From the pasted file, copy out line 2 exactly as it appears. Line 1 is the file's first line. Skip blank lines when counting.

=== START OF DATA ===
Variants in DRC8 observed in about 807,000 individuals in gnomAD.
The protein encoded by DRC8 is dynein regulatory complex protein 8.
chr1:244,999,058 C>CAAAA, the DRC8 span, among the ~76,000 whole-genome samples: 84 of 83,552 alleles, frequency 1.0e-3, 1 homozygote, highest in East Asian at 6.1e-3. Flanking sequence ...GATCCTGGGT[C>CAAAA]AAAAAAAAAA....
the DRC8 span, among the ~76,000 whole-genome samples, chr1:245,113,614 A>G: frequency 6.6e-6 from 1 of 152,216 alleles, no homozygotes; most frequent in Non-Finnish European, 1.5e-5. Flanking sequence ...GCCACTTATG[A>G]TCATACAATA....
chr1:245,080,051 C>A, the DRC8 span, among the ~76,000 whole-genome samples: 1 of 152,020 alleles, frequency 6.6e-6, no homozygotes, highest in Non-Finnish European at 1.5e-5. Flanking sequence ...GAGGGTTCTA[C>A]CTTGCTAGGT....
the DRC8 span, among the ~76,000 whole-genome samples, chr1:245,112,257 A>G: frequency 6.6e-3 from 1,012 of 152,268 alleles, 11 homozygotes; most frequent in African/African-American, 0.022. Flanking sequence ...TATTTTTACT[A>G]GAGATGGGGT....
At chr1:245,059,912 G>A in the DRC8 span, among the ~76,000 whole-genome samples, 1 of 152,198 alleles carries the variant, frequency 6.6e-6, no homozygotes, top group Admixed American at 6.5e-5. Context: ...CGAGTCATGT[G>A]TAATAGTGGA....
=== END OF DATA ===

The protein encoded by DRC8 is dynein regulatory complex protein 8.